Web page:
Anna: Thank you :) I am so glad you enjoyed it!

    Morgan and Deb: Thanks!

    (Please excuse the typos in the excerpt... something went wonky with the formatting, apparently, because they aren't there in my document that I copy/pasted for the interview)!

  9. Jenelle,
    Sorry about the mistakes, my email messed up some things.

  10. Once again, your novel intrigues me! I love an exciting, well-written, clean fantasy, and they're hard to find. Thank you! What message do you hope your readers will learn when reading King's Warrior?

  11. Sarah: not a problem!!! I noticed them and went to check my original document to make sure that I hadn't somehow missed something major in that section... then realized that it must have been something with emailing them (I've had that happen before on both ends of sending/receiving stuff). NO worries! :)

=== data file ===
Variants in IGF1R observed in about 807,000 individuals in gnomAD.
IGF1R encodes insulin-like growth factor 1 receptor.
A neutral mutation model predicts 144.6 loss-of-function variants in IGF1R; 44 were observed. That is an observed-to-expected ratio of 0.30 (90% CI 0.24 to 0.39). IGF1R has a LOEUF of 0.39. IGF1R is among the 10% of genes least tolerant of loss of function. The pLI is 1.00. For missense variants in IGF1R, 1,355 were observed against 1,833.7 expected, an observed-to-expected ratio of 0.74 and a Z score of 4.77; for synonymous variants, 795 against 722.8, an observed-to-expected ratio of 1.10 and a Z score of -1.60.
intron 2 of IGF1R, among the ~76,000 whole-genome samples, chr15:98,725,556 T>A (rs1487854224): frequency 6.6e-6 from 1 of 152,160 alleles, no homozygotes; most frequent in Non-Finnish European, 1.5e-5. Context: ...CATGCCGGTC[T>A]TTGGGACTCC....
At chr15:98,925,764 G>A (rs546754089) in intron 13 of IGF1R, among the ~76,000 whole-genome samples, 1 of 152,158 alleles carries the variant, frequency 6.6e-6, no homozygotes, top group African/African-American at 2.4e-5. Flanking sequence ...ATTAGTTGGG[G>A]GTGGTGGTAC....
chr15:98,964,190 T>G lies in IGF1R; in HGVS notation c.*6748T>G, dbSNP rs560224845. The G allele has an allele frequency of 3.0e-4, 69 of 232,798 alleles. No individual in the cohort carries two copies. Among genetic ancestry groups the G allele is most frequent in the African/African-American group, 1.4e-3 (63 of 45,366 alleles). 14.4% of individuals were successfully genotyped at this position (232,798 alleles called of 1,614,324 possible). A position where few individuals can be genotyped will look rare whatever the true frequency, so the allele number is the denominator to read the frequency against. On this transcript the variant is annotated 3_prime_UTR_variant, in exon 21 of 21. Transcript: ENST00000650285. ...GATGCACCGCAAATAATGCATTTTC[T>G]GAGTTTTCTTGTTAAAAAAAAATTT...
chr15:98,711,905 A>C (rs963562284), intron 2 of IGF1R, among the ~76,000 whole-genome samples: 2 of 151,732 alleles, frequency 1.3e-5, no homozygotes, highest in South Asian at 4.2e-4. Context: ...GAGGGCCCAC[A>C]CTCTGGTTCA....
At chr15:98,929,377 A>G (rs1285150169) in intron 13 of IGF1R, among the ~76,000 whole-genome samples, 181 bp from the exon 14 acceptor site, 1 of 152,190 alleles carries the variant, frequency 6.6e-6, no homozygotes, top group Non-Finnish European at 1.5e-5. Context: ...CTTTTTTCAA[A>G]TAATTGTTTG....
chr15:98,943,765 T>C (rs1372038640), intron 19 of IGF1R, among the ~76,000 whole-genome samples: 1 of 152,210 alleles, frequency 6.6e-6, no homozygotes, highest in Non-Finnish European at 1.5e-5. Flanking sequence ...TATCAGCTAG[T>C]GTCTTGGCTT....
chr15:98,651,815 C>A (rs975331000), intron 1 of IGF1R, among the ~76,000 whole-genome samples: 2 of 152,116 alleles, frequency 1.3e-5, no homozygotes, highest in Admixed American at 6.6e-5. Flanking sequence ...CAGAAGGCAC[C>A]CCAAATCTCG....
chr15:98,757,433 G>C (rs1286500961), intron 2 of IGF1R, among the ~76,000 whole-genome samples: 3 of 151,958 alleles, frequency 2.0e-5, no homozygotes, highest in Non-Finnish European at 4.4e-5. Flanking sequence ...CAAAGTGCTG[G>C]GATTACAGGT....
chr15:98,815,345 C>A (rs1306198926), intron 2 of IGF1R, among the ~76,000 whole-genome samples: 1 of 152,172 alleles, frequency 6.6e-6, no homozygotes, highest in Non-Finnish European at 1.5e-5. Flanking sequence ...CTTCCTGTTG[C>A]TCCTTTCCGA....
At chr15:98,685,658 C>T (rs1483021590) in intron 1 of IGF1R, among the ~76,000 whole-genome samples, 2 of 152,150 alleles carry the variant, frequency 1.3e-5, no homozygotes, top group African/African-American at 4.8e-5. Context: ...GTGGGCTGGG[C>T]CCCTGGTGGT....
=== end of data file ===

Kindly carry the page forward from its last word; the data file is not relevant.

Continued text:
12. This book sounds like a great one for family read alouds! So glad to have learned of it, and also the The Auralia Thread from the comments. I am always looking for reading material for my home school students!

  13. Hannah: the overall message is the theme of good vs. evil. But there are lots of other themes as well: forgiveness in the face of horrible betrayal, the importance of friendship and loyalty, courage in the face of fear, perseverance in spite of overwhelming odds... are all messages I would like my readers to take away from my books.

    And, if nothing else, I hope they find it to be a fun adventure to get lost in for a while.